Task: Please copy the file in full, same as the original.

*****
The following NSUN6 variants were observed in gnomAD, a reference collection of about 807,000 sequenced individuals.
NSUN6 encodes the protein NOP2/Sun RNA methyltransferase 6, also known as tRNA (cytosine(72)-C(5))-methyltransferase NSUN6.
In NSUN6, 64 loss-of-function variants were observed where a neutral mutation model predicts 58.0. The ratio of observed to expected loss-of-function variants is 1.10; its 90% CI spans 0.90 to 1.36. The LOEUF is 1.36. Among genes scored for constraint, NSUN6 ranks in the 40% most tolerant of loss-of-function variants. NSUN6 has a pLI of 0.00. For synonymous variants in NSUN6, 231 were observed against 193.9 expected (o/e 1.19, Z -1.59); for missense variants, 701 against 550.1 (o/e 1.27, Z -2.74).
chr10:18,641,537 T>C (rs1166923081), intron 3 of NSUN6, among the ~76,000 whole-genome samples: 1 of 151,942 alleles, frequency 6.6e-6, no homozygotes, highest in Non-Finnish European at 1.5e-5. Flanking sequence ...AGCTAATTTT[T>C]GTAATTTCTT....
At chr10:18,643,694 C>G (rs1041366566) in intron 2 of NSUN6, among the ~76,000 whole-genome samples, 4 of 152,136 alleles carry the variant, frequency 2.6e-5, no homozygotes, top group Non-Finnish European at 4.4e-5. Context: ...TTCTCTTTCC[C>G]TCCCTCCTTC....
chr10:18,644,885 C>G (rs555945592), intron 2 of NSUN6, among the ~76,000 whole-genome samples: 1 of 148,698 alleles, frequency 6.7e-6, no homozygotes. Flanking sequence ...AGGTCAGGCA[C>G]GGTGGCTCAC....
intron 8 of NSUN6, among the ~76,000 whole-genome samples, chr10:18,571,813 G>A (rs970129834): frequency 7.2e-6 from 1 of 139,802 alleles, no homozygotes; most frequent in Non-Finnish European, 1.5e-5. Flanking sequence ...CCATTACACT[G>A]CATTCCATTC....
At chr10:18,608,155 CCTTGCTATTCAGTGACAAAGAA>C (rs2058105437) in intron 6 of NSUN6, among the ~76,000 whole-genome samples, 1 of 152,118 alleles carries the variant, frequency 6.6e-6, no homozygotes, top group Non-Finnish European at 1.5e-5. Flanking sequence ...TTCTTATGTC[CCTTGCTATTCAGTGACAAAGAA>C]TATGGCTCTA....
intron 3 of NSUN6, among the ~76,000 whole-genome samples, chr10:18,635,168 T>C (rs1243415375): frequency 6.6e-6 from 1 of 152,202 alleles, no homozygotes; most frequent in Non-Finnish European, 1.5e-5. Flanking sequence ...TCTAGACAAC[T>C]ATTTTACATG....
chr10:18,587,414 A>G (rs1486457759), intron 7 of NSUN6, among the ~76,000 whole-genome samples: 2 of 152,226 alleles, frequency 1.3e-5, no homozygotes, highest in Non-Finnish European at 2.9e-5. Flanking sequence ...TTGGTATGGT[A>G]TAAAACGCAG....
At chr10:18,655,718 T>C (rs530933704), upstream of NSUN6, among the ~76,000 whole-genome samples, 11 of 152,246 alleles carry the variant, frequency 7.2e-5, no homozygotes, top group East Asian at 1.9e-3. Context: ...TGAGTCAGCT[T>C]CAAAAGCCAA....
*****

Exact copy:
The following NSUN6 variants were observed in gnomAD, a reference collection of about 807,000 sequenced individuals.
NSUN6 encodes the protein NOP2/Sun RNA methyltransferase 6, also known as tRNA (cytosine(72)-C(5))-methyltransferase NSUN6.
In NSUN6, 64 loss-of-function variants were observed where a neutral mutation model predicts 58.0. The ratio of observed to expected loss-of-function variants is 1.10; its 90% CI spans 0.90 to 1.36. The LOEUF is 1.36. Among genes scored for constraint, NSUN6 ranks in the 40% most tolerant of loss-of-function variants. NSUN6 has a pLI of 0.00. For synonymous variants in NSUN6, 231 were observed against 193.9 expected (o/e 1.19, Z -1.59); for missense variants, 701 against 550.1 (o/e 1.27, Z -2.74).
chr10:18,641,537 T>C (rs1166923081), intron 3 of NSUN6, among the ~76,000 whole-genome samples: 1 of 151,942 alleles, frequency 6.6e-6, no homozygotes, highest in Non-Finnish European at 1.5e-5. Flanking sequence ...AGCTAATTTT[T>C]GTAATTTCTT....
At chr10:18,643,694 C>G (rs1041366566) in intron 2 of NSUN6, among the ~76,000 whole-genome samples, 4 of 152,136 alleles carry the variant, frequency 2.6e-5, no homozygotes, top group Non-Finnish European at 4.4e-5. Context: ...TTCTCTTTCC[C>G]TCCCTCCTTC....
chr10:18,644,885 C>G (rs555945592), intron 2 of NSUN6, among the ~76,000 whole-genome samples: 1 of 148,698 alleles, frequency 6.7e-6, no homozygotes. Flanking sequence ...AGGTCAGGCA[C>G]GGTGGCTCAC....
intron 8 of NSUN6, among the ~76,000 whole-genome samples, chr10:18,571,813 G>A (rs970129834): frequency 7.2e-6 from 1 of 139,802 alleles, no homozygotes; most frequent in Non-Finnish European, 1.5e-5. Flanking sequence ...CCATTACACT[G>A]CATTCCATTC....
At chr10:18,608,155 CCTTGCTATTCAGTGACAAAGAA>C (rs2058105437) in intron 6 of NSUN6, among the ~76,000 whole-genome samples, 1 of 152,118 alleles carries the variant, frequency 6.6e-6, no homozygotes, top group Non-Finnish European at 1.5e-5. Flanking sequence ...TTCTTATGTC[CCTTGCTATTCAGTGACAAAGAA>C]TATGGCTCTA....
intron 3 of NSUN6, among the ~76,000 whole-genome samples, chr10:18,635,168 T>C (rs1243415375): frequency 6.6e-6 from 1 of 152,202 alleles, no homozygotes; most frequent in Non-Finnish European, 1.5e-5. Flanking sequence ...TCTAGACAAC[T>C]ATTTTACATG....
chr10:18,587,414 A>G (rs1486457759), intron 7 of NSUN6, among the ~76,000 whole-genome samples: 2 of 152,226 alleles, frequency 1.3e-5, no homozygotes, highest in Non-Finnish European at 2.9e-5. Flanking sequence ...TTGGTATGGT[A>G]TAAAACGCAG....
At chr10:18,655,718 T>C (rs530933704), upstream of NSUN6, among the ~76,000 whole-genome samples, 11 of 152,246 alleles carry the variant, frequency 7.2e-5, no homozygotes, top group East Asian at 1.9e-3. Context: ...TGAGTCAGCT[T>C]CAAAAGCCAA....